The addition of the Renault Megane Grand Coupe brings a saloon into the range that will appeal to many buyers in Ireland.
In the Metal:
The Renault Megane Grand Coupe might not stay true to the actual meaning of coupe-like styling, but its design team has done a decent job of grafting on a larger boot to create this new saloon variant. We say larger boot, though it, in fact, offers just 66 litres more capacity than the five-door Megane hatchback. Aesthetically though it looks sleeker than the Renault Fluence it effectively replaces.
Getting into the boot isn't always the easiest thing as Renault has neglected to fit an opening button on the boot lid. Instead, you must use a button located on the dashboard set in behind the steering wheel, or use the button on the key remote itself. If you choose the top level Signature Nav specification, an additional sensor under the rear bumper will open the boot if you wave your foot underneath it, which is handy if your hands are already full, though you must also have the key in your pocket for it to be detected. And while this opens the boot electrically, you must still physically close the boot lid by hand.
The distinctive C-shaped LED daytime running lights do help to make this a stylish saloon overall. Contours along the rear shoulder line of the car flow into the rear lights that go on to wrap almost the whole way across the boot lid, just like on the hatchback.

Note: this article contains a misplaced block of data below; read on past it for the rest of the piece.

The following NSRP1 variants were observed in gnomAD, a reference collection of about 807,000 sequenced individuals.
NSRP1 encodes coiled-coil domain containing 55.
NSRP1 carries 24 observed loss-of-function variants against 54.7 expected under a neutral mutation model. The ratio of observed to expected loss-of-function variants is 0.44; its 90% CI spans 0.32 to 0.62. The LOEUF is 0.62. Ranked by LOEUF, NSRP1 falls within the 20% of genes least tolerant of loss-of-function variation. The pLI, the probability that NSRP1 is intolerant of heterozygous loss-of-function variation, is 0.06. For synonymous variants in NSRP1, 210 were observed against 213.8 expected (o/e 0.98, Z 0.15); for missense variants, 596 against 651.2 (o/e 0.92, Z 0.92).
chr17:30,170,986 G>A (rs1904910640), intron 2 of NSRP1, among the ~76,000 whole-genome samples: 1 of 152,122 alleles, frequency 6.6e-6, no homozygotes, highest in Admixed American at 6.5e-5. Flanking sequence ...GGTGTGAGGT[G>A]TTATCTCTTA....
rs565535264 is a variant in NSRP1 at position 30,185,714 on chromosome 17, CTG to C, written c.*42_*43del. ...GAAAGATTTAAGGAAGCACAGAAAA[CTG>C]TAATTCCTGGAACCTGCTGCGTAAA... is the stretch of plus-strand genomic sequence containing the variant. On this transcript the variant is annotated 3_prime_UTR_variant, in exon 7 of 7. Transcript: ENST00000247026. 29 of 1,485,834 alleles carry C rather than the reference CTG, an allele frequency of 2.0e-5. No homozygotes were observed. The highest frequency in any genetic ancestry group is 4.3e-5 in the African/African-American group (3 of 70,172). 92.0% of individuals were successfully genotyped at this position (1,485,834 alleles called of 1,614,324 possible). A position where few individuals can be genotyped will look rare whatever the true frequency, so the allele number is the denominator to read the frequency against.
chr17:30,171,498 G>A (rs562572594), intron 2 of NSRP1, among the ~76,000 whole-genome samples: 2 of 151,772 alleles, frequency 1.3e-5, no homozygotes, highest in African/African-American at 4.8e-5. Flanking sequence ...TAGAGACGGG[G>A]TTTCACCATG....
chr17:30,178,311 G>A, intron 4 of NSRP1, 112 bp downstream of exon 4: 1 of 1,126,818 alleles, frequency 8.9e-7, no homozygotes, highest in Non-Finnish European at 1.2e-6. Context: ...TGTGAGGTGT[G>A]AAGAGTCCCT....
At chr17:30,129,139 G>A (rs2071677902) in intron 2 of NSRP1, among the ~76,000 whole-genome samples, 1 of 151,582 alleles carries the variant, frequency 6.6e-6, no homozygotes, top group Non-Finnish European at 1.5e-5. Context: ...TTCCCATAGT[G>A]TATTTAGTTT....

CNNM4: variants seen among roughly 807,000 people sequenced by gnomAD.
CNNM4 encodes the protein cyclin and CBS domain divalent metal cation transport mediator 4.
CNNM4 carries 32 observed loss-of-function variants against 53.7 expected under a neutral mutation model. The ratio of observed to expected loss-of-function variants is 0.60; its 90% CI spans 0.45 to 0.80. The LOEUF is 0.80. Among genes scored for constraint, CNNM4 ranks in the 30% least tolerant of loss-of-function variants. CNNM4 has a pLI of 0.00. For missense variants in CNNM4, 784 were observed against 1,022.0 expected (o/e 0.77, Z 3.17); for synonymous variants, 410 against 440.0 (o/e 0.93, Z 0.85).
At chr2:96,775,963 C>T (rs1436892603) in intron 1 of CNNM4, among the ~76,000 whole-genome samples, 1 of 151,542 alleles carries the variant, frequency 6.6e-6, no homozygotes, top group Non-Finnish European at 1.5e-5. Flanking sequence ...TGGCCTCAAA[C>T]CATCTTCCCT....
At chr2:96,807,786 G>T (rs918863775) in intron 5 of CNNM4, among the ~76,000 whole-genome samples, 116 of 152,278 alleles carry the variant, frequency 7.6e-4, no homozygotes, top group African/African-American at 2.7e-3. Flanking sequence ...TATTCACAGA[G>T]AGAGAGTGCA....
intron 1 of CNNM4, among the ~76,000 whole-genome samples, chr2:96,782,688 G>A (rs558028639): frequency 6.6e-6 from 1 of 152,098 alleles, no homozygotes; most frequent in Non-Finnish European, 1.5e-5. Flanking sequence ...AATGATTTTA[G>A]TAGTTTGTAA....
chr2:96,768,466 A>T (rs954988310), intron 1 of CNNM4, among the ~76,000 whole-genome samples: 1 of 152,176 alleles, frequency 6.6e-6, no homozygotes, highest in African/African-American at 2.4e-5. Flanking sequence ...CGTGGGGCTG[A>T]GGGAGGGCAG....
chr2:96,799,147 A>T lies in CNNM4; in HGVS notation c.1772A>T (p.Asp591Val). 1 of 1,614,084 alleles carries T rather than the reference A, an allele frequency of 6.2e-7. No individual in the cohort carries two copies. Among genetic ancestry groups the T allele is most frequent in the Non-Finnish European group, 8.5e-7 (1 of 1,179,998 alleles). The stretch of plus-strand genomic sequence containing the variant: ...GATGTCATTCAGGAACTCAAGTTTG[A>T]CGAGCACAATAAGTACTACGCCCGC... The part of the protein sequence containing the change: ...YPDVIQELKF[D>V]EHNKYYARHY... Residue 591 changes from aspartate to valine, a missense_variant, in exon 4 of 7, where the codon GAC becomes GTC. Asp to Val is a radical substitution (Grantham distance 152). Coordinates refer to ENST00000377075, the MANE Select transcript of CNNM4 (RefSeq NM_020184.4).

Space for rear passengers has also improved, with Renault claiming the Megane Grand Coupe offers 37mm more knee room than the five-door hatchback. Head and shoulder room are also said to be among the best in the segment.
Built on the same platform as the larger Renault Koleos and Talisman, the new saloon feels more composed on the move. Ride quality in the Megane Grand Coupe is helped by a revised rear axle as well as new rubber mountings in the front axle and suspension components to help reduce noise and vibration.
Renault has been using this 1.5-litre four-cylinder diesel for some time and while it has a frugal combined consumption figure of 3.7 litres/100km and a tax-friendly 95g/km of emissions, it is starting to feel old and less refined than newer rival offerings. In fact, the more powerful 130hp 1.6-litre engine feels better on the move and less laboured on the motorway.
There will also be a choice of automatic or manual transmissions with the 110hp power unit, the latter of which is tested here. Shifts in the six-speed manual don't feel as positive or precise as others in the segment, while the ratios feel more stacked towards economy than performance. Engine speeds do settle in sixth when cruising, but the 110hp engine doesn't have as much torque available for overtakes without the need to downshift.
What you get for your Money:
Renault Ireland has yet to confirm the exact pricing and specification for the Irish market. Once these details have been confirmed, we will update this section of the review. What we do know is that there will be three distinct trim grades: Expression, Dynamique Nav and Dynamique S Nav. Unlike the Megane hatchback, there will not be an upper-level GT Line specification offered in the saloon.
While there may not be anything particularly grand or coupe-like about this new Megane saloon, it is a better car than the outgoing Fluence and should quench an ongoing thirst for C-segment saloons in the Irish market.